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Great -- now how do we privacy filter our brains?

 Louise Elliott, CBC News.


berryscreen2b.jpgThe bright minds at 3M may be on to something -- something that MPs and journalists on the Hill could really use.


In the mail this week I received my very own sample "privacy filter." It's a piece of transparent grey plastic from the famous makers of Post-It notes and just about anything sticky.


Once peeled, said plastic will adhere to any Blackberry screen (after you haul out the scissors and cut it to size - something I haven't yet mustered the energy to do.)


The pitch? The plastic contains microscopic Venetian blinds built right in, so that the person sitting next to you on the Parliamentary bus, on the Prime Minister's plane or even your seat-mate in Question Period can't read the treatise you are frantically banging out with your thumbs.

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What do you mean the word "ethics" doesn't appear in the Conflict of Interest Act? - (Sort of) Liveblogging the Ethics Committee

Kady O'Malley, CBC News

8:36:32 AM Greetings, fans of slightly time-delayed semi-livebloggish reporting! As noted yesterday, at the moment, I'm not yet able to post just-this-side-of-realtime dispatches from the parliamentary front, but the girl who sat through a seven-hour filibuster over the in-and-out affair isn't going to let a niggling detail like that stop her from covering what could turn out to be a surprisingly lively Ethics meeting. Yes, I'm back at Ethics -- oh, how I've missed it -- and on the agenda today is an appearance by the commissioner herself, Mary Dawson (last seen -- or at least liveblogged -- before the finale Oliphant policy forum over at the University of Ottawa.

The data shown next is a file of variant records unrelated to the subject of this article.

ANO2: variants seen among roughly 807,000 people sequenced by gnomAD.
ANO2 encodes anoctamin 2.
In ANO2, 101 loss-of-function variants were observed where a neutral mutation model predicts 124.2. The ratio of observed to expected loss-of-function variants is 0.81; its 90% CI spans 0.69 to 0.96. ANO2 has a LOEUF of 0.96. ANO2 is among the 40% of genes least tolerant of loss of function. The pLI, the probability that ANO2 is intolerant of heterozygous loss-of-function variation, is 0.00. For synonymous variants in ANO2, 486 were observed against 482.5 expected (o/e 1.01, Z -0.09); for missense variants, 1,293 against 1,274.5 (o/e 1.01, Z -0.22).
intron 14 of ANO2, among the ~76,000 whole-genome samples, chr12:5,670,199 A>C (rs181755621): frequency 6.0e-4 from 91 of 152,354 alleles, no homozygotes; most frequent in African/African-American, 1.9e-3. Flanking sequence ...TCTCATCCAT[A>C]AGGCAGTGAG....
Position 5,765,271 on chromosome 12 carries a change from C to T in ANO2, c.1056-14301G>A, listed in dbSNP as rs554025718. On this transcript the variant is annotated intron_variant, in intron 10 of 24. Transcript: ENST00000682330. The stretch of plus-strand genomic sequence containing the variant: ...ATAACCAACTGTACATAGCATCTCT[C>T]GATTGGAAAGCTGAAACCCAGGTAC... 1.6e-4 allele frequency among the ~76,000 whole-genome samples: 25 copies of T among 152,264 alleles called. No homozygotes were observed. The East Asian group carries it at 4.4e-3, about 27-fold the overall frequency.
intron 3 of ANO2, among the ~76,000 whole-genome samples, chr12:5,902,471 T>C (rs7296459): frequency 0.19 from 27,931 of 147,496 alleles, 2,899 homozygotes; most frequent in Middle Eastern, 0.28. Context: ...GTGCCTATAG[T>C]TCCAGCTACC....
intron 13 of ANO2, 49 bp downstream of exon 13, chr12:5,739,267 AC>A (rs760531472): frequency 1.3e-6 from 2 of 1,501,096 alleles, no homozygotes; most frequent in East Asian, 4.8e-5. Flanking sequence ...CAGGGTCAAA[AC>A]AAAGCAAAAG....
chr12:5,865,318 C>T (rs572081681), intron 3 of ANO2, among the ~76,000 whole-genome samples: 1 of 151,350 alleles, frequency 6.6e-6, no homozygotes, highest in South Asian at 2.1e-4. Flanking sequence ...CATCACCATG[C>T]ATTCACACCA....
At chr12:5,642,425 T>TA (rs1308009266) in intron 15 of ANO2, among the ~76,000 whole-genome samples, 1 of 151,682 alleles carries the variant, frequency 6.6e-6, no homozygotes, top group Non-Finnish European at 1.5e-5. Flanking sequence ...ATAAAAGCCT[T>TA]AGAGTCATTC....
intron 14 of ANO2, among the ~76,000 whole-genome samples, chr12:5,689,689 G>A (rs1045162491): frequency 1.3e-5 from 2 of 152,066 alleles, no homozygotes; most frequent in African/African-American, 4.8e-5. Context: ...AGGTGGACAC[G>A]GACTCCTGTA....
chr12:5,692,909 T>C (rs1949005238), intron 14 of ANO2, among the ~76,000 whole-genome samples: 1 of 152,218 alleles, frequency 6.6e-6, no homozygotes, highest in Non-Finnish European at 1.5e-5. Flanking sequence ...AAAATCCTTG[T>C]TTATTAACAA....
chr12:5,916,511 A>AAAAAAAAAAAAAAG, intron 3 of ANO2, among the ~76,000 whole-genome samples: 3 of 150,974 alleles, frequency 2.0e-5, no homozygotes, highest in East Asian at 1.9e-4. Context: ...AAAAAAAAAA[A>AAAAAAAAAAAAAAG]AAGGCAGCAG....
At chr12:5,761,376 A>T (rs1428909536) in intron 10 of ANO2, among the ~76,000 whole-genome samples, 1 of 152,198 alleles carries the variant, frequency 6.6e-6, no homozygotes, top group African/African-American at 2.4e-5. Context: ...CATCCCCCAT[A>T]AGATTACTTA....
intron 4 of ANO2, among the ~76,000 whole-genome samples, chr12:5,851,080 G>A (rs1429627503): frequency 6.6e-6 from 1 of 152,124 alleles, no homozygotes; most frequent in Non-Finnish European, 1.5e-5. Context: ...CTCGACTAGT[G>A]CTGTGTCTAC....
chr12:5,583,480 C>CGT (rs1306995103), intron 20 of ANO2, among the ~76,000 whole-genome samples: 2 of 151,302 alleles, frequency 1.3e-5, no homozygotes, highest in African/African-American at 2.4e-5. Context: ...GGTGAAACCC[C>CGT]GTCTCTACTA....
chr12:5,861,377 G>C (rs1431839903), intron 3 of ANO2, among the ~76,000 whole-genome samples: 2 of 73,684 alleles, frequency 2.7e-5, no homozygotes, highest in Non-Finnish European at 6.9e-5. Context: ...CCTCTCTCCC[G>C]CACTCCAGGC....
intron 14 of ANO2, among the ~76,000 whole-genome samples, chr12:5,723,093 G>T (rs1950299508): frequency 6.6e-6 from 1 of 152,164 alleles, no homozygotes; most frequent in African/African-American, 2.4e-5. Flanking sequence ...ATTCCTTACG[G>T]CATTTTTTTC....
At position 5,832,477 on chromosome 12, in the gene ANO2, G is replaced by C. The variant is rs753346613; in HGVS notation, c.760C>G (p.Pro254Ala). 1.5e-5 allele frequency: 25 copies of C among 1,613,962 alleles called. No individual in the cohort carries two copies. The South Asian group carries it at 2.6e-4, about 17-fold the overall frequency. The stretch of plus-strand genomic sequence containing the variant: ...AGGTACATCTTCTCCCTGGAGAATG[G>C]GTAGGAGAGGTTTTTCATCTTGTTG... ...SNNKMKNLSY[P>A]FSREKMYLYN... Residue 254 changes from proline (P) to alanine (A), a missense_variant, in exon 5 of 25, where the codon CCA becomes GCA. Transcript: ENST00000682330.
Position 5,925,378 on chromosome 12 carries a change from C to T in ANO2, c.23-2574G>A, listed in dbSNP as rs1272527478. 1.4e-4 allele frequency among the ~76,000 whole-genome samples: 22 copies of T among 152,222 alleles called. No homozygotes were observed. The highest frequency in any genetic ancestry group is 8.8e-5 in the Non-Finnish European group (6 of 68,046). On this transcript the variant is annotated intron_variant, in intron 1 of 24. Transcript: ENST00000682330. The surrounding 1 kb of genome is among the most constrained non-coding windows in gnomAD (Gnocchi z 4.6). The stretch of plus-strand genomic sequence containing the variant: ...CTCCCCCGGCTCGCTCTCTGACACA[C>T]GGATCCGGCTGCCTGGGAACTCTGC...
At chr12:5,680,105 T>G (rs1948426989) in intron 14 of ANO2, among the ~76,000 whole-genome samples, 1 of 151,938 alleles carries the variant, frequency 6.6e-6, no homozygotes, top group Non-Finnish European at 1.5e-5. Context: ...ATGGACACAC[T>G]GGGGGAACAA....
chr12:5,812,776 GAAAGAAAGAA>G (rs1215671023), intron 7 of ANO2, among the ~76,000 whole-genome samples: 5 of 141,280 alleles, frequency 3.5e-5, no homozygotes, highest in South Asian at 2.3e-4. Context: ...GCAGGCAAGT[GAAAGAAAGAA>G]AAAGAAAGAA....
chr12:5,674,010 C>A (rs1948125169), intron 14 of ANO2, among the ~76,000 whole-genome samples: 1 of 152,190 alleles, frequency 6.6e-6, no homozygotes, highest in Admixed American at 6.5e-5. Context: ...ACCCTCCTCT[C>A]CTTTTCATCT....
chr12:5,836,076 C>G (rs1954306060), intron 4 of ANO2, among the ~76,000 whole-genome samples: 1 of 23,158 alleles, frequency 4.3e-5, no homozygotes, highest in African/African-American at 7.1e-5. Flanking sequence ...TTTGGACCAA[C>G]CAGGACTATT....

This morning, she'll be discussing her annual report on the Code of Conduct for Public Office Holders, which I confess to not actually having re-read before scrambling my way here to the Hill this morning, so the contents will be just as much of a surprise to me as to any committee members who failed to do their homework last night.

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A Message from Kady

Kady O'Malley, CBC News.

Greetings from the CBC Hill bureau newbie!

Okay, so the original plan was to have me lay comparatively low for the first week, since the new blog won't be up and running until next Monday, but due to my visible wilting from the enforced temporary withdrawal from my beloved political interwebs, the Powers That Be have agreed to let me to file the occasional dispatch to Political Bytes.

Due to boring technical limitations, there won't be any liveblogging until I'm happily ensconced in my new corner of the universe, but until then, I'll do my best to keep y'all posted on the latest happenings in and around the parliamentary precinct. (Hey, it was either that, or come up with increasingly sneaky ways to get around that capricious 140 character limit over on Twitter.)

Oh, and feel free to drop me a line at my new address:
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Do You Know What AECL Stands For?

Susan Lunn, CBC News.

Do you know what AECL stands for?

If you can't answer that, don't worry. You're not alone.

An Ipsos Reid poll done last February and March show that nearly 70 per cent of respondents admitted they didn't know much about the Crown corporation.